Blackwell Publishing Journal Backfiles 1879-2005
Energy, Environment Protection, Nuclear Power Engineering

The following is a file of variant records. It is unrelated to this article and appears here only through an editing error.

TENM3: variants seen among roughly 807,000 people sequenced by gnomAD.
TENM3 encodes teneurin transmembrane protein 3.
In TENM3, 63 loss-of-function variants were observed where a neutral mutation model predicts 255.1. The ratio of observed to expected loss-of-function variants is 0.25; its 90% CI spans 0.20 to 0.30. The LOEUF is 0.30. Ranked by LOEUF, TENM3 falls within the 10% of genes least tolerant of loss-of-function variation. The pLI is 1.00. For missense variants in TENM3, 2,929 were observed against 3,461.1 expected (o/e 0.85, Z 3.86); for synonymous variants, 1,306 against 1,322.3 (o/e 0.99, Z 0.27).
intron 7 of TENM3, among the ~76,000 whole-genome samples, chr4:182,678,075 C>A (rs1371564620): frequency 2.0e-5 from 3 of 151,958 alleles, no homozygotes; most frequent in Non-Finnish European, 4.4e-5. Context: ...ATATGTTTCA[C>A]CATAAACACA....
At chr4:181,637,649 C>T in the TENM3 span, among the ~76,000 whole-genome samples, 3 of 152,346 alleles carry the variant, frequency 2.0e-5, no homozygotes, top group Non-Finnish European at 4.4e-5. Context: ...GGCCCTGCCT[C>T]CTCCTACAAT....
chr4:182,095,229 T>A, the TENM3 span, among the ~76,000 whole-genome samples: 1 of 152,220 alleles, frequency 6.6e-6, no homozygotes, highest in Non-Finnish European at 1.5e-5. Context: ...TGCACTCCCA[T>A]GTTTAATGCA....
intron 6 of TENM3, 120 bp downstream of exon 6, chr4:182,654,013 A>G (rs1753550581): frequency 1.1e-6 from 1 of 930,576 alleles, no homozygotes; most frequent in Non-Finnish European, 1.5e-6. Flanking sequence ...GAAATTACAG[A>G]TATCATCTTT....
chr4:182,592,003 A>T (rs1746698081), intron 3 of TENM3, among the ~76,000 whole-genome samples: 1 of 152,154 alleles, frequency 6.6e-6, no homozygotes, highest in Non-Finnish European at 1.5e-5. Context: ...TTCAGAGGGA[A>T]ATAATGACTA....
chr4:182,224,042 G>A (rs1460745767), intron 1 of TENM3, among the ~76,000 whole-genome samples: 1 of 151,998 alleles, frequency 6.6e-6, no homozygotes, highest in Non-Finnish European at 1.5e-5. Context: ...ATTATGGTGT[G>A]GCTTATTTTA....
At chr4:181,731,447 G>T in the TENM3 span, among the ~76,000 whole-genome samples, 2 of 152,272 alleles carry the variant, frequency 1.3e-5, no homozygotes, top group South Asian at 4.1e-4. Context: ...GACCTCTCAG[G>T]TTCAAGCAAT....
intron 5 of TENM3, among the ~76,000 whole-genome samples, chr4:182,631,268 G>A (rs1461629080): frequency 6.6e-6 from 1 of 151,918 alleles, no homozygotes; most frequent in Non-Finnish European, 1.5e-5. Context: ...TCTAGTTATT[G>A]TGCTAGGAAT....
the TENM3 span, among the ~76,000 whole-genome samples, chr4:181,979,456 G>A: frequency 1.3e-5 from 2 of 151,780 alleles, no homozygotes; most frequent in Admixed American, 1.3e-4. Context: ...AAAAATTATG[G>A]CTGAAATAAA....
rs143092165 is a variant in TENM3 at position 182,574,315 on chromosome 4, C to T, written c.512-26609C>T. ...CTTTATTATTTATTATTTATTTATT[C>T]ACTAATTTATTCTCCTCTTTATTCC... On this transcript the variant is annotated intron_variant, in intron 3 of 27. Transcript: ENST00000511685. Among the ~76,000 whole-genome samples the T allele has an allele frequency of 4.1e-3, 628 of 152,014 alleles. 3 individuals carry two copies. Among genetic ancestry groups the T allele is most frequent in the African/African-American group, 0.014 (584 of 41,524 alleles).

The city of St. Petersburg is testing subsurface injection of treated sewage into the Floridan aquifer as a means of eliminating discharge of sewage to surface waters and as a means of storing treated sewage for future nonpotable reuse. The injection zone at the test site at the start of injection contained saline water with chloride concentrations ranging from 14,000 to 20,000 milligrams per liter (mg/1).Treated sewage with a mean chloride concentration of 170 mg/1 was injected through a single well for 12 months at a mean rate of 4.7 × 105 cubic feet per day. The volume of water injected during the year was 1.7 × 108 cubic feet. Dissolved oxygen was contained in the sewage prior to injection. Water removed from the injection zone during injection was essentially free of oxygen. Probable growth of denitrifying bacteria and, thus, microbial denitri-fication, was suggested by bacterial counts in water from two observation wells that were close to the injection well.The volume fraction of treated sewage in water from wells located 35 feet and 733 feet from the injection well and open to the upper part of the injection zone stabilized at about 0.9 and 0.75, respectively. Chloride concentrations stabilized at about 1,900 mg/1 in water from the well that was 35 feet from the injection well and stabilized at about 4,000 mg/1 in water from the well that was 733 feet from the injection well. These and other data suggest that very little near injection-quality treated sewage would be recoverable from storage in the injection zone.
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